- a time limit for a notification of a project to be included in joint regional process;
- a time limit for completion of the impact study (two years as a main rule);
- a time limit for presenting a detailed plan (two years unless there are material reasons for a prolonged deadline);
- a time limit for commencement of construction ( as a main rule two to three years from approval of the detailed plan). The time limitation may be prolonged one time if there are special circumstances.
The time limitations proposed for the licensing process for onshore wind are similar to the time limitations adopted for the licensing process for offshore wind in the Ocean Energy Act Regulation.
Furthermore, it is suggested that NVE is authorized to deny initiated licensing processes early if it is clear that a license will not be granted.
Less flexibility and stricter license conditions
The Government proposes clearer license conditions with less flexibility. This include maximum height of WTGs, minimum distance to buildings and installations and conditions relating to environmental values. Together with a stricter time limitations for development and construction, such amendments are intended to secure fewer changes to the project during the licensing process.
Stricter requirements to impact assessments and consequences on landscape, environment, local community and neighbors.
According to the white paper the consequences on the environment, the local community and neighbors must be clearly described and taken into account in a higher degree in the licensing process. Based on the white paper we understand that the Government intends to strengthen the decision basis for project licenses, hereunder the possibility to assess whether a project will be socio-economic profitable and to make such assessments more visible in the licensing process.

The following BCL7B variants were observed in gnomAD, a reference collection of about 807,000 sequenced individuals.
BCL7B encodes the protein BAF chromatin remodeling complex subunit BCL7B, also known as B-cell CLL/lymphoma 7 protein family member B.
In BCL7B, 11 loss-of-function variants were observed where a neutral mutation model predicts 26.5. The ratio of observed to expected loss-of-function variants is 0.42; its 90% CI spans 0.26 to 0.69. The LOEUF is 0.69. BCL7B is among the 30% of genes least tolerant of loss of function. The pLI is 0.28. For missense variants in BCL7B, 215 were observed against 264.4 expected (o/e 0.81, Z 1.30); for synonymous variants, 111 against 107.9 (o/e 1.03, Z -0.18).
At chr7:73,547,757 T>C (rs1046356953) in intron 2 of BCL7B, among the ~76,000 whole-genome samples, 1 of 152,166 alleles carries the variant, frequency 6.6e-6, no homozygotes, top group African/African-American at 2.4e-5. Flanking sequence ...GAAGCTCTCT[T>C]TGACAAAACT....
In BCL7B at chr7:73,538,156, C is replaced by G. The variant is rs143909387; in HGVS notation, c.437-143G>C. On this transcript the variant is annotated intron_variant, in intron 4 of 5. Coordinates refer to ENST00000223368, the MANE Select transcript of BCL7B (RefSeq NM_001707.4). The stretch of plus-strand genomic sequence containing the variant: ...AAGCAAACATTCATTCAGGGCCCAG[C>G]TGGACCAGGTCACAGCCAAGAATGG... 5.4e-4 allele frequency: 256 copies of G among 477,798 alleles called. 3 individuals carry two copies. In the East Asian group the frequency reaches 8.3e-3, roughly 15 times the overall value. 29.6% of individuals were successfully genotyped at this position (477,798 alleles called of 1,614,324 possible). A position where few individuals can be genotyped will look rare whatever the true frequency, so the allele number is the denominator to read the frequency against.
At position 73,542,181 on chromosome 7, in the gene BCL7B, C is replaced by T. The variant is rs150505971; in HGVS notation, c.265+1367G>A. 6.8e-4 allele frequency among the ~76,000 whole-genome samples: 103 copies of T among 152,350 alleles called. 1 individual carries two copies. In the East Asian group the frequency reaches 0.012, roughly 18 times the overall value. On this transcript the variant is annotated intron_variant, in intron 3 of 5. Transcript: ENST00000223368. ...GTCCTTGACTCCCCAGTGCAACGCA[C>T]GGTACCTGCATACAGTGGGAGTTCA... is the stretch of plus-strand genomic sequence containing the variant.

Requirements on owners of wind parks
It is suggested to include requirements in the licenses to the licensee’s contact person. Hereunder that such contact persons have the necessary competence and that the contact persons are available on site during the construction period. The authorities’ supervision of wind parks under construction and commissioned wind parks will also be tightened.
Taxation and arrangements for local compensation
The Government does not propose any amendments in the taxation of onshore wind to ensure predictability and profitability for the industry. However, it is indicated that arrangements for local compensation will be assessed.
The white paper include the following summary of the proposed amendments: